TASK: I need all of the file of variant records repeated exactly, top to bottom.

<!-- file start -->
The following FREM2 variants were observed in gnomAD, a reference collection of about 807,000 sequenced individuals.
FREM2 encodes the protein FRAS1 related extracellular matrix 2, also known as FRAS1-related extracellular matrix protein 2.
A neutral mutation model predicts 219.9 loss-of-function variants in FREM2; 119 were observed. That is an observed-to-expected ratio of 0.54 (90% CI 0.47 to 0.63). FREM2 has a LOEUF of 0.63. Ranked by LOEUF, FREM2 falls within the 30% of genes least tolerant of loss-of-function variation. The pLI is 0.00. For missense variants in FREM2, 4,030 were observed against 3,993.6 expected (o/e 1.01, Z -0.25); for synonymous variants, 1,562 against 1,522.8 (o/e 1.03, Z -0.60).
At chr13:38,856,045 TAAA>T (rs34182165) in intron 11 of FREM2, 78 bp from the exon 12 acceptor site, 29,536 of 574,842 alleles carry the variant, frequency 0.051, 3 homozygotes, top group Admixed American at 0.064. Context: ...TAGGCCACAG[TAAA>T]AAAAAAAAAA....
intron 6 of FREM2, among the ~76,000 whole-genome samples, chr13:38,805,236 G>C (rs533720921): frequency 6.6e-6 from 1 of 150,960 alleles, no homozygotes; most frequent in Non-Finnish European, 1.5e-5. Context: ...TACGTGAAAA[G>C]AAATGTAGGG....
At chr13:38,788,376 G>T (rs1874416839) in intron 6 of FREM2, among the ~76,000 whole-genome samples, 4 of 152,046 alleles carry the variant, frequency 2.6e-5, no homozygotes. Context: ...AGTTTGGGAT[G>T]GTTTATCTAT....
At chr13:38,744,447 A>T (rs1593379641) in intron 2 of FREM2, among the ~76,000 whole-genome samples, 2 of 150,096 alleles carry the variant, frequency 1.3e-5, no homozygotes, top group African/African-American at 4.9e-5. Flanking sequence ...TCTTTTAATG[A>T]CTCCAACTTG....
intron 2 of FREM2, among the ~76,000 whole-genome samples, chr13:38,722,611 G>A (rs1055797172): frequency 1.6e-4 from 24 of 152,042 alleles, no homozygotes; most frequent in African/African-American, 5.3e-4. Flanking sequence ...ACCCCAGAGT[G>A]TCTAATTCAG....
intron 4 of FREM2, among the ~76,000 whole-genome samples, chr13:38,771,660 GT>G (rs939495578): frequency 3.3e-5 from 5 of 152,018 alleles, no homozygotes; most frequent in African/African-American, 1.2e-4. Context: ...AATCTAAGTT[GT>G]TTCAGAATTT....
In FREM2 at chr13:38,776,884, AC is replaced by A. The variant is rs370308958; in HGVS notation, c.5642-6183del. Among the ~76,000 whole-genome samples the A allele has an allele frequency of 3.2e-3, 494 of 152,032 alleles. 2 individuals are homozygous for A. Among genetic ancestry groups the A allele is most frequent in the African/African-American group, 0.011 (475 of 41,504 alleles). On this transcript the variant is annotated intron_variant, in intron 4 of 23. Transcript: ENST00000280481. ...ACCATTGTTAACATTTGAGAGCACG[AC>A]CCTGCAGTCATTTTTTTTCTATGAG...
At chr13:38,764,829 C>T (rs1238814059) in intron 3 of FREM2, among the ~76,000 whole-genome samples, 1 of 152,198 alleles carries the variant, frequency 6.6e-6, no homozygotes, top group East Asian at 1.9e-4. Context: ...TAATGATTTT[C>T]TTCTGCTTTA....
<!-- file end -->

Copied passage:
The following FREM2 variants were observed in gnomAD, a reference collection of about 807,000 sequenced individuals.
FREM2 encodes the protein FRAS1 related extracellular matrix 2, also known as FRAS1-related extracellular matrix protein 2.
A neutral mutation model predicts 219.9 loss-of-function variants in FREM2; 119 were observed. That is an observed-to-expected ratio of 0.54 (90% CI 0.47 to 0.63). FREM2 has a LOEUF of 0.63. Ranked by LOEUF, FREM2 falls within the 30% of genes least tolerant of loss-of-function variation. The pLI is 0.00. For missense variants in FREM2, 4,030 were observed against 3,993.6 expected (o/e 1.01, Z -0.25); for synonymous variants, 1,562 against 1,522.8 (o/e 1.03, Z -0.60).
At chr13:38,856,045 TAAA>T (rs34182165) in intron 11 of FREM2, 78 bp from the exon 12 acceptor site, 29,536 of 574,842 alleles carry the variant, frequency 0.051, 3 homozygotes, top group Admixed American at 0.064. Context: ...TAGGCCACAG[TAAA>T]AAAAAAAAAA....
intron 6 of FREM2, among the ~76,000 whole-genome samples, chr13:38,805,236 G>C (rs533720921): frequency 6.6e-6 from 1 of 150,960 alleles, no homozygotes; most frequent in Non-Finnish European, 1.5e-5. Context: ...TACGTGAAAA[G>C]AAATGTAGGG....
At chr13:38,788,376 G>T (rs1874416839) in intron 6 of FREM2, among the ~76,000 whole-genome samples, 4 of 152,046 alleles carry the variant, frequency 2.6e-5, no homozygotes. Context: ...AGTTTGGGAT[G>T]GTTTATCTAT....
At chr13:38,744,447 A>T (rs1593379641) in intron 2 of FREM2, among the ~76,000 whole-genome samples, 2 of 150,096 alleles carry the variant, frequency 1.3e-5, no homozygotes, top group African/African-American at 4.9e-5. Flanking sequence ...TCTTTTAATG[A>T]CTCCAACTTG....
intron 2 of FREM2, among the ~76,000 whole-genome samples, chr13:38,722,611 G>A (rs1055797172): frequency 1.6e-4 from 24 of 152,042 alleles, no homozygotes; most frequent in African/African-American, 5.3e-4. Flanking sequence ...ACCCCAGAGT[G>A]TCTAATTCAG....
intron 4 of FREM2, among the ~76,000 whole-genome samples, chr13:38,771,660 GT>G (rs939495578): frequency 3.3e-5 from 5 of 152,018 alleles, no homozygotes; most frequent in African/African-American, 1.2e-4. Context: ...AATCTAAGTT[GT>G]TTCAGAATTT....
In FREM2 at chr13:38,776,884, AC is replaced by A. The variant is rs370308958; in HGVS notation, c.5642-6183del. Among the ~76,000 whole-genome samples the A allele has an allele frequency of 3.2e-3, 494 of 152,032 alleles. 2 individuals are homozygous for A. Among genetic ancestry groups the A allele is most frequent in the African/African-American group, 0.011 (475 of 41,504 alleles). On this transcript the variant is annotated intron_variant, in intron 4 of 23. Transcript: ENST00000280481. ...ACCATTGTTAACATTTGAGAGCACG[AC>A]CCTGCAGTCATTTTTTTTCTATGAG...
At chr13:38,764,829 C>T (rs1238814059) in intron 3 of FREM2, among the ~76,000 whole-genome samples, 1 of 152,198 alleles carries the variant, frequency 6.6e-6, no homozygotes, top group East Asian at 1.9e-4. Context: ...TAATGATTTT[C>T]TTCTGCTTTA....